Saturday, February 15, 2014

Much can and has been said about the frenetic fiddle genius, Scotty Stoneman. I'm convinced that between what has been written and rumoured about Stoneman are some tightly wound strands of fact and fiction. Stories abound of his outrageous character, and if a great deal of us tend to believe these tales (did he really hate pianos so much that as an act of defiance he defecated in one?), perhaps it is because it would be a step towards explaining his outrageous playing.
I won't recount his entire story here, it has been told enough that a simple Google search will do that. A great deal of his current profile is that he was a member of one of Country Music's founding families, Jerry Garcia has called him "the Charlie Parker of the Bluegrass fiddlers", and he died young and tragically of a legendarily reckless lifestyle.
Of course, the main thing that keeps his name coming up over forty years after his death is his unique and virtuosic playing. Much has been said about his improvisatory approach, and his extended solos. What seems to be less often noted is his command of  advanced chord theory, so evident in his double stops. As far out as his playing gets, he never seems to be lost, rhythmically or melodically.
Although Scotty played on a great deal of classic Bluegrass recordings, he really only had one instrumental LP released in his lifetime, and it was on a dimestore label at that. A second LP of live recordings appeared after his death, and these have been the two releases that have carried his radical fiddling to the ears of successive generations.
"Mr. Country Fiddler" was recorded in 1967 at Unity Recording Studio in Washington, D.C. with Country Gentlemen alumni Bill Emerson on banjo, Charlie Waller on guitar, and Tom Gray on bass. It was released on Pickwick's super-budget Design imprint, and was probably recorded to be sold to Pickwick for some ready cash (Emeron and the Country Gentlemen both did the same for the label). As is the nature of recordings under such control, the tracks have been recycled on various collections through the years.
"1965 Live In L.A.!" was first issued on LP in 1978 from tapes of live shows he played with the Kentucky Colonels during his short stint with the band. These performances with the young White Brothers are probably the most spontaneous committed to tape during his lifetime, and despite some imperfections in the source tapes, are still sparklingly exiting to listen to today (as well as giving us a chance to hear his excellent vocals, which are a whole other topic in and of themselves). The version in this download is a hybrid of the LP and CD releases; it contains all selections included on both.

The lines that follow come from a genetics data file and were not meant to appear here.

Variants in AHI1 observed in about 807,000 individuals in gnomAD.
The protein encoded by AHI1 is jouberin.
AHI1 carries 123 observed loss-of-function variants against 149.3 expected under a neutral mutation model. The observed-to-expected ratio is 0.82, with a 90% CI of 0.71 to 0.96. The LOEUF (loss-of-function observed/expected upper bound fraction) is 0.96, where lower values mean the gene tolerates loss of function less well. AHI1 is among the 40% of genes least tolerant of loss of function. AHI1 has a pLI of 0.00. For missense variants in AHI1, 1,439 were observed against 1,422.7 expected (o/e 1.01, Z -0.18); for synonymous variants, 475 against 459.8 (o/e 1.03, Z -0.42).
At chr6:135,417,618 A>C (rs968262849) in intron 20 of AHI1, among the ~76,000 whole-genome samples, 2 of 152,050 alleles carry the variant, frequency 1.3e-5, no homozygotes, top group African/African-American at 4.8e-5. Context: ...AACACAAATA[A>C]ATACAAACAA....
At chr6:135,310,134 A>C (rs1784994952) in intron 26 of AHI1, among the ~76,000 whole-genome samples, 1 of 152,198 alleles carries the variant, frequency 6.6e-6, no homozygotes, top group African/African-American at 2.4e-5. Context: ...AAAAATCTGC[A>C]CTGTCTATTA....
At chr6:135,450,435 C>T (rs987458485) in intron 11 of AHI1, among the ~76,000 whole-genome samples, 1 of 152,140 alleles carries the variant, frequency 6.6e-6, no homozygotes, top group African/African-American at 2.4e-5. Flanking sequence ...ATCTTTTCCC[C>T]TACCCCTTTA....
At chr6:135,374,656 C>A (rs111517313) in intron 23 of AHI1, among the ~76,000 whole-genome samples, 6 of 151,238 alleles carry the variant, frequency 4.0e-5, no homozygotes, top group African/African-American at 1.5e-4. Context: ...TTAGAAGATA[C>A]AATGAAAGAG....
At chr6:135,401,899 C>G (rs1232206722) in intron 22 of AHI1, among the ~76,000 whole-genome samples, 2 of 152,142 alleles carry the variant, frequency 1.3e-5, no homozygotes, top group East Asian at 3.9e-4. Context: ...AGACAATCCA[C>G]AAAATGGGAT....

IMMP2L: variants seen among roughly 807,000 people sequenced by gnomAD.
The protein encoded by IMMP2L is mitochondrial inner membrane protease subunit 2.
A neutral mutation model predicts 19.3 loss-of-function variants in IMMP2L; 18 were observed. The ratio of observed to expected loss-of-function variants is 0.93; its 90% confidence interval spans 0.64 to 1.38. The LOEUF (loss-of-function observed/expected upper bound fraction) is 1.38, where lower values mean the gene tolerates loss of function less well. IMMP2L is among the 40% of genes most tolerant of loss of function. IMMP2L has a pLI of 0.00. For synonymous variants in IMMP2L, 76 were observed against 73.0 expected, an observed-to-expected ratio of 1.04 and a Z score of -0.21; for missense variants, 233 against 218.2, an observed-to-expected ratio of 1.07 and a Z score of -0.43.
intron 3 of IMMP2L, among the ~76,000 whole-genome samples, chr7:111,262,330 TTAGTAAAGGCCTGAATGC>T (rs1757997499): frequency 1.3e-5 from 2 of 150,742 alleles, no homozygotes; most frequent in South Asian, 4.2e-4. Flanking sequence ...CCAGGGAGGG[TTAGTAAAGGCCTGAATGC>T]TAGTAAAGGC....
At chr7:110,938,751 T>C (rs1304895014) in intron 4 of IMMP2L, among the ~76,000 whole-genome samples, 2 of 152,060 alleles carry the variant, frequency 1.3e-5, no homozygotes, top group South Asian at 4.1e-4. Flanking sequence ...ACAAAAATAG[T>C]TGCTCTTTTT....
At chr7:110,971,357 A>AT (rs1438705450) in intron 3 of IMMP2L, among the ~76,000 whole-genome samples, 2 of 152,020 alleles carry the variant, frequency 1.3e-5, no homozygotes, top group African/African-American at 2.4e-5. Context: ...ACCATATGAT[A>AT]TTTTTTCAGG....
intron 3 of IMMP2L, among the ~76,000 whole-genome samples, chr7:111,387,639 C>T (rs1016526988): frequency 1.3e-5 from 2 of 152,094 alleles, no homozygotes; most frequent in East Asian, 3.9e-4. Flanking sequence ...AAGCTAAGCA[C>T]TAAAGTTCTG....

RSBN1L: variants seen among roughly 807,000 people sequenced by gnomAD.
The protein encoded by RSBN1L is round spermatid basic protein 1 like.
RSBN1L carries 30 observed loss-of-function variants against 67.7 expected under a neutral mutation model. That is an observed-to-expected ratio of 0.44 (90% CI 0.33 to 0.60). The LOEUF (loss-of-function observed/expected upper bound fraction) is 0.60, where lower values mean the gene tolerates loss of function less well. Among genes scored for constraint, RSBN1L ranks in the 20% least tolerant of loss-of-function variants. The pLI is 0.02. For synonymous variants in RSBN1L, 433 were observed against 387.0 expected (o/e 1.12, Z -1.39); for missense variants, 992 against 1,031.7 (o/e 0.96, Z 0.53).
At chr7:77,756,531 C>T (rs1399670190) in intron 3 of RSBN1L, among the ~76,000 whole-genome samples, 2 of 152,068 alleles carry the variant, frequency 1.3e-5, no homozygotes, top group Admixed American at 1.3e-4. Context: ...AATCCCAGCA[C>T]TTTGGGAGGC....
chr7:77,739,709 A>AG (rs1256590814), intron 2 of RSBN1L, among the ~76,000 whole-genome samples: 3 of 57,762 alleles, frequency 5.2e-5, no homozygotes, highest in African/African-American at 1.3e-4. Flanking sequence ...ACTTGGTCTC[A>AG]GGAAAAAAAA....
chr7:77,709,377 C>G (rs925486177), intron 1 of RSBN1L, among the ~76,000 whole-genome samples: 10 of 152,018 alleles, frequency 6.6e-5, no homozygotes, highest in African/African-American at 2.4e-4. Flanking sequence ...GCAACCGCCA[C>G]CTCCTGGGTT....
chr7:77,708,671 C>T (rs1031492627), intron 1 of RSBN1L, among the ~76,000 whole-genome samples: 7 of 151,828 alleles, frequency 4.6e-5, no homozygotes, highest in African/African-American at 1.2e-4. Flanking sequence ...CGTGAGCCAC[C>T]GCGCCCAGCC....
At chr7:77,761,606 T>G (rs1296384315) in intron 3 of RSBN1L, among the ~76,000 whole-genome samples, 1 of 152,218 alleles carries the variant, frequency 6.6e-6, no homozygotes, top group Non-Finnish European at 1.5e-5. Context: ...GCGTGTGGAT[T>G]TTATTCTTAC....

Scotty Stoneman
"Mr. Country Fiddler"


1. Wildwood Flower
2. Low Down Billy
3. Talkin' Fiddlin' Blues
4. Ole Joe Clark
5. Billy Low Ground
6. Orange Blossom Hoedown
7. 8th Of January
8. Fire In The Mountain
9. The Mocking Bird
10. The Cacklin' Hen

*download here*

Scotty Stoneman
"1965 Live In L.A.!"


1. Oklahoma Stomp
2. Once A Day.mp3
3. Eight Of January
4. Any Damn Thing
5. Lee Highway Blues
6. Down Yonder
7. Sally Goodin
8. Goodnight Irene (LP version)
9. A Wound Time Can't Erase
10. Shuckin' The Corn
11. Listen To The Mockingbird
12. Cherokee Waltz
13. Cacklin' Hen
14. Orange Blossom Special
15. Goodnight Irene (CD version)

*download here*


SingsLikeThurl said...

Fantastic post Lefty! I have a few records that contain some of these tracks, but this is a gold mine! Much appreciated.
Jack Ridout

Unknown said...

got this record on origial-lp, finally on mp3, scotty is kinda crazy, that's probably the reason, why he's the best (bluegrass fiddler). Lefty, many thanks from switzerland

edison61 said...

Thanks so much.....

Larry said...

Hey Lefty,
Thanks for all you do. GREAT blogs. One of the highlights of my life was seeing Jean Carrignan at the Smithsonian Folklife festival and you have a treasure trove of his greatest stuff on the Canadian fiddle blog. Scotty was amazing. I interviewed Jerry Garcia for a Cincinnati daily back in 1985 and we were talking bluegrass. Garcia said that, for him, Scotty was as psychedelic as Hendrix.

zero said...

thanks a lot for all the wonderful music on your blog. Would be nice if you could add our blog to your bloglist:

Thanks a lot and all the best!

sweetappalachia said...

Lefty, thank god Dan Henshall pointed me to your blog, it's killer! I heard a little about Scotty from both Jack Tottle and Dick Spottswood, who'd seen him when they were teenagers in DC. It seems he was nothing if not intense as a player and a person.

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